The goings-on in front of six young kids at 647 NW Third Ct. in Hallandale Beach — the dope smoking and drinking, the yelling, cursing and threats — was so disturbing to an observer that she called the state’s child abuse hotline.
“It is just terrible,’’ the woman told the hotline operator just after the New Year. “Horrible.’’
Four days later, the 21-year-old mother of some of those children, Brittney Sierra, would be arrested for child neglect, which could be the least of her problems.
Investigators dug up the remains of an infant in a nearby yard on Friday. They might be Sierra’s son, Dontrell Melvin. If they are, Sierra, 21, could be charged with murder along with the boy’s father, Calvin Melvin, 27.
The scene at the house Sierra and her children shared with her mother, Renee Menendez and her children, shouldn’t have been a surprise to child-welfare workers, considering how many times they’d been there.
Department records indicate 30 contacts with Menendez, a KFC manager in her 40s who was raising four children ranging in age from 8 to 11 — Sierra’s half siblings.
Like her daughter Sierra, Menendez has now lost all of her children. Department of Children and Family workers moved them to a state home over the weekend.
They also took Sierra’s two remaining sons, a boy named Jaydyn, and an infant born in August.
Records released by DCF on Monday include a transcript of the call describing the wretched conditions at the house — Menendez’s boyfriend called the children “mother-----s’’ and “bitches,’’ the caller said, and screamed that he would “knock them around.’’ The agency also released transcripts of three prior calls from people concerned for the Menendez kids.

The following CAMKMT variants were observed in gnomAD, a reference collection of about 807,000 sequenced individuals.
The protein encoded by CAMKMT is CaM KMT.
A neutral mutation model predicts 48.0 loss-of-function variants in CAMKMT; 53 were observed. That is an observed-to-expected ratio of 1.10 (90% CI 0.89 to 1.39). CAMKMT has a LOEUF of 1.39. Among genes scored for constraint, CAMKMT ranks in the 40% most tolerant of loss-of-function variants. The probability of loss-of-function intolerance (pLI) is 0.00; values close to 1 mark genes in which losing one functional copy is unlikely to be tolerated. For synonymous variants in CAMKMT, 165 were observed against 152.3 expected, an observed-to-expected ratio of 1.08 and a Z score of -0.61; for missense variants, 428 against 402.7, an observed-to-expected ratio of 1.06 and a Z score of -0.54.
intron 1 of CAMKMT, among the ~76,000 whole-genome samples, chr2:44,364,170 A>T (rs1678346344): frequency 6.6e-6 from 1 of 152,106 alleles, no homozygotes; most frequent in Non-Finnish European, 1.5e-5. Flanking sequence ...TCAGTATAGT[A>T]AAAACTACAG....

But DCF personnel reported over and over that there was no need to step in.
Though up to seven youngsters were supposed to live at the house, a child welfare investigator who visited the house in September 2012 saw only the older children.
The investigator never saw Dontrell, born in February 2011, or the newborn infant.
Nor did anyone from DCF see Dontrell a month later, on Oct. 16, when the hotline received another, far more chilling report: “Dontrell has not been seen since 2011.”
The case is eerily similar to another scandal that rocked DCF two years ago. That’s when a road ranger in Palm Beach County found a red pickup truck awash in toxic chemicals pulled over the side of Interstate 95.
The discovery, police believe, came days after a DCF investigator visited the home of Nubia and Victor Barahona — and failed to see the children.
James Sewell, a former Florida Department of Law Enforcement agent and DCF consultant who sat on panels that reviewed two child deaths, including Nubia, said the department seems fated to make the same mistakes over and over.
“I’m tired of dead baby cases,” said Sewell.
“There is no reason, absolutely no reason,” he said, for an investigator to visit the home but leave without looking at all the children the department knows to be living there.